They impressed the hell out of people who knew music, including a Warner Bros. executive named Joe Smith, who bought Morrison’s contract from BANG. (That doesn’t mean Morrison was any less of rage incarnate, though. While his songs espoused love, Smith said, “He was a hateful little guy, but . . . I still think he’s the best rock ’n’ roll voice out there.”)
On producer Lewis Merenstein’s insistence, a (begrudging) Morrison took the unusual step of hiring a group of jazz musicians such as Connie Kay of the Modern Jazz Quartet and bassist Richard Davis. He met his band on the first day of recording.
“Van barely even said hello to these guys. They were confused by him, [wondering], ‘Who is this guy?’” Walsh said. “He just showed them the compositions, and then they all just spat out those beautiful songs.”
“I think so much of it is just this beautiful train wreck of so many different people working on it with no rehearsals. There’s an element of accident, or happenstance, to this. If they had set up to make this holy album that we’d be talking about 50 years later, they would probably have practiced for weeks and rolled out the red carpet — and it probably would have failed.”
Still, years later, Morrison maintained that he wasn’t necessarily trying to make a jazz-rock fusion album.
“I wanted to do it around the singing, and it had to be kind of jazzy, because that’s the way I’m singing it,” Morrison told NPR in 2009. “The approach was spontaneity. That was the whole point of having this particular group of people. That was that performance on those days.”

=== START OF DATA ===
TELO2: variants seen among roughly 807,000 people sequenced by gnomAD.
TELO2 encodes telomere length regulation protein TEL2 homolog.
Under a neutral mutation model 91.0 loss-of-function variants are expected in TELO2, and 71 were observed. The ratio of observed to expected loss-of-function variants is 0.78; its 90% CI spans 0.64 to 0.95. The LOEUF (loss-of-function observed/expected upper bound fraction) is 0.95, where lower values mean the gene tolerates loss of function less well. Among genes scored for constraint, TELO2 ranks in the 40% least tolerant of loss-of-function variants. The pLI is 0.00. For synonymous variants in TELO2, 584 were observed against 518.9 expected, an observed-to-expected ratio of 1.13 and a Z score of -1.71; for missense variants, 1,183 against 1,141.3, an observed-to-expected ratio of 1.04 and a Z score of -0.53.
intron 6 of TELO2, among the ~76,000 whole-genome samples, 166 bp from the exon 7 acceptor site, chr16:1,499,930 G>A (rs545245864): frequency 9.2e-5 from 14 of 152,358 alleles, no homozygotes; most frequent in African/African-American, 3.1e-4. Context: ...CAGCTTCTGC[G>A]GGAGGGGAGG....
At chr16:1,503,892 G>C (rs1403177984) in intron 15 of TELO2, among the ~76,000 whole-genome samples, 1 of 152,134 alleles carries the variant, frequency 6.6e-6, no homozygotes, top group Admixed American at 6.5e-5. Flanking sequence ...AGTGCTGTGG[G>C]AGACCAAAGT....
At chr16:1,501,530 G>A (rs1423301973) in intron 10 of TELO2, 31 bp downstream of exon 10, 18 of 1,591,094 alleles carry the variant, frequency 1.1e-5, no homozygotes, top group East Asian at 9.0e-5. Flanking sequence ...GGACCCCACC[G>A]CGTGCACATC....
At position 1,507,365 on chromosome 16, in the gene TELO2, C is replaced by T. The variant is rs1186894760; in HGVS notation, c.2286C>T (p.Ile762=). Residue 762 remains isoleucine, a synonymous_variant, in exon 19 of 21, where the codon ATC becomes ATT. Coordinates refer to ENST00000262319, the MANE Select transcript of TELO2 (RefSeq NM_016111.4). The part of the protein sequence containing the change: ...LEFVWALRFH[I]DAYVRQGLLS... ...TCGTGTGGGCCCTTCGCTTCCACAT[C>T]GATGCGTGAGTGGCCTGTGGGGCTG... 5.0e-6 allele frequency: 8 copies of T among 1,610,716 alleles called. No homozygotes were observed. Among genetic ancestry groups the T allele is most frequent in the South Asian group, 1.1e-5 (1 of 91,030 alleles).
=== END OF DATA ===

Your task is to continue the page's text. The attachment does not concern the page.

He continued to claim that he didn’t feel like these were particularly special sessions.
“A lot of this . . . there was no choice,” he added. “I was totally broke. So I didn’t have time to sit around pondering or thinking all this through. It was just done on a basic pure survival level. I did what I had to do.”
Critics and fellow musicians fawned (and continue to fawn) over it. “It made me trust in beauty. It gave me a sense of the divine,” Bruce Springsteen has said of the album. Though Morrison was in his 20s when he made it, “there are lifetimes behind it,” wrote rock critic Lester Bangs.
Actor Philip Seymour Hoffman quoted it when he won the Oscar for 2006’s “Capote,” by thanking people and then saying of them: “I love, I love, I love, I love, I love. You know the Van Morrison song, I love, I love, I love, and he keeps repeating it like that?”
Director Martin Scorsese has said it inspired the first 15 minutes of “Taxi Driver.” And musician Elvis Costello called it “the most adventurous record made in the rock medium.”
Walsh doesn’t mince words: “They don’t sound like recordings to me. They sound like living breathing organisms. The album is a secret passcode that people pass along to each other . . . a hopeful message about the possibility of love, or a comment on the cycle of life that everyone goes through, that somehow remains pure and pristine.’”
None of that, though, mattered to Warner Bros., because not enough people bought it. It was the kind of album that brings to mind that old legend about the Velvet Underground: Only 1,000 people heard them, but all of those people started a band.
In fact, when Morrison went to record his next album, “Moondance,” he seemed to be searching for another pop hit reminiscent of “Brown Eyed Girl.” As his piano player Jef Labes said, “I think Warners had pretty much told him, ‘You have one more chance.’”
He succeeded. “Moondance” was a commercial hit, and well received critically. Yet, his masterpiece, “Astral Weeks,” remained known to the select few who really cared to spend time unraveling it.
But, then, that’s the story of Morrison: Things never really went the way they were supposed to.